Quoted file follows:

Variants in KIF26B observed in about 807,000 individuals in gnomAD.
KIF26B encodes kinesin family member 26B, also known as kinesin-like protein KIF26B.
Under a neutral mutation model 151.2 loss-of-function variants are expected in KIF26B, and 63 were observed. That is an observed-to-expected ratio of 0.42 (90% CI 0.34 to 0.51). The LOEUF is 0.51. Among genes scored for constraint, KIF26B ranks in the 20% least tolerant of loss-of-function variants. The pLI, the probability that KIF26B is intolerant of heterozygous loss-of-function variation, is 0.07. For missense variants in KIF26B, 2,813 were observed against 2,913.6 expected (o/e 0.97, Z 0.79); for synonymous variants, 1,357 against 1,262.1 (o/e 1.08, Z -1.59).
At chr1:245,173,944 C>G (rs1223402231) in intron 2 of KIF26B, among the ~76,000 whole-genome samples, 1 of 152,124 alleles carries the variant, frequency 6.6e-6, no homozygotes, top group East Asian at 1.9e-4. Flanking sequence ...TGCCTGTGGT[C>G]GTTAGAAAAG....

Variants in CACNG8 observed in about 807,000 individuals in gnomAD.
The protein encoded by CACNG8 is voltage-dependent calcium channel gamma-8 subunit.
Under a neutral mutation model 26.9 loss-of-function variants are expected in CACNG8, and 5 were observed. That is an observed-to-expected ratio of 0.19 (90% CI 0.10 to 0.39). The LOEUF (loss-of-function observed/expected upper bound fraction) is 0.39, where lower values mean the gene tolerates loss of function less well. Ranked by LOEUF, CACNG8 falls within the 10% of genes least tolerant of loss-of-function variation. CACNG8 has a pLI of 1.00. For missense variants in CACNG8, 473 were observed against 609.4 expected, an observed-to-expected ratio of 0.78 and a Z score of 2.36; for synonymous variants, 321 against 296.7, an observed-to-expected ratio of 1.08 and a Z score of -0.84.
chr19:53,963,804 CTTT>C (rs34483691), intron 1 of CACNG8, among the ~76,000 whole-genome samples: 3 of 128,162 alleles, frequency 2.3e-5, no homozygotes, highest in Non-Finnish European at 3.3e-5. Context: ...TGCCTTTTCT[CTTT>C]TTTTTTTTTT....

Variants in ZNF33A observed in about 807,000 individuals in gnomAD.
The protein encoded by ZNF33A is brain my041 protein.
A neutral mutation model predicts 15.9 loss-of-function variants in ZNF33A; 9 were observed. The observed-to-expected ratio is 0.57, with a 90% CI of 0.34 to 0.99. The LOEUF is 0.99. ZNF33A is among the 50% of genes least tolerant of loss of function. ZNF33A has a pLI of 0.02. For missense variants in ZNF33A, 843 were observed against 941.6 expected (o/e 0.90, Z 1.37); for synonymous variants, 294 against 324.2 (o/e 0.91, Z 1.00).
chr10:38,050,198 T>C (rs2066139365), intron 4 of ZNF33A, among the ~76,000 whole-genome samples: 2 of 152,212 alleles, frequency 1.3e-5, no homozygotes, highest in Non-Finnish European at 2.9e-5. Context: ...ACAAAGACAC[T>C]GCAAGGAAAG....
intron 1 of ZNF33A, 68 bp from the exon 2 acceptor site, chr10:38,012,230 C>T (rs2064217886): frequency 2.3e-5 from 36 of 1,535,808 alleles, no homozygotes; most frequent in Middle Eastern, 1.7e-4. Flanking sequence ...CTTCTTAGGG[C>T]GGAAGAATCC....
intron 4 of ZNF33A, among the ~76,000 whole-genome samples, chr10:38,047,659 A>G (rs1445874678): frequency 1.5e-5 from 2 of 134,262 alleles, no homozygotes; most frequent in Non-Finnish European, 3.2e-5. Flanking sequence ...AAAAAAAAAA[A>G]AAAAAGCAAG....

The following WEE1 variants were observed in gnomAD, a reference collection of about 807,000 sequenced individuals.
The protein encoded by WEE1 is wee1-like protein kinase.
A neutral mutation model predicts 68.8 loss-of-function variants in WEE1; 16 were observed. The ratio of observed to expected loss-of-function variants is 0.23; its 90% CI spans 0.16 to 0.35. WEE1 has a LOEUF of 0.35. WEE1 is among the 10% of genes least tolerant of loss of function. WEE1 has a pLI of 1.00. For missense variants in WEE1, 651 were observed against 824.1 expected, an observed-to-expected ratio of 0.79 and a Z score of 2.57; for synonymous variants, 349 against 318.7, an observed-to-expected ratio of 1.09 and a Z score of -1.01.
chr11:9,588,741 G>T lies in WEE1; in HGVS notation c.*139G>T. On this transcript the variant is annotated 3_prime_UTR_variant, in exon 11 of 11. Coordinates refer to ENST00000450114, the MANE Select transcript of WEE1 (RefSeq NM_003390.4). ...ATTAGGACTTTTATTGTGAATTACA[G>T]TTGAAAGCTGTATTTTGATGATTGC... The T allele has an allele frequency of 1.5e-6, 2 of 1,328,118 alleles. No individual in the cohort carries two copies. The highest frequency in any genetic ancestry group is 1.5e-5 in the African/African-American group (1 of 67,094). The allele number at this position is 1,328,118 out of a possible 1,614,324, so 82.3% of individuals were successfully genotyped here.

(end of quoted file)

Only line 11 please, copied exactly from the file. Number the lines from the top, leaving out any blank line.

A neutral mutation model predicts 15.9 loss-of-function variants in ZNF33A; 9 were observed. The observed-to-expected ratio is 0.57, with a 90% CI of 0.34 to 0.99. The LOEUF is 0.99. ZNF33A is among the 50% of genes least tolerant of loss of function. ZNF33A has a pLI of 0.02. For missense variants in ZNF33A, 843 were observed against 941.6 expected (o/e 0.90, Z 1.37); for synonymous variants, 294 against 324.2 (o/e 0.91, Z 1.00).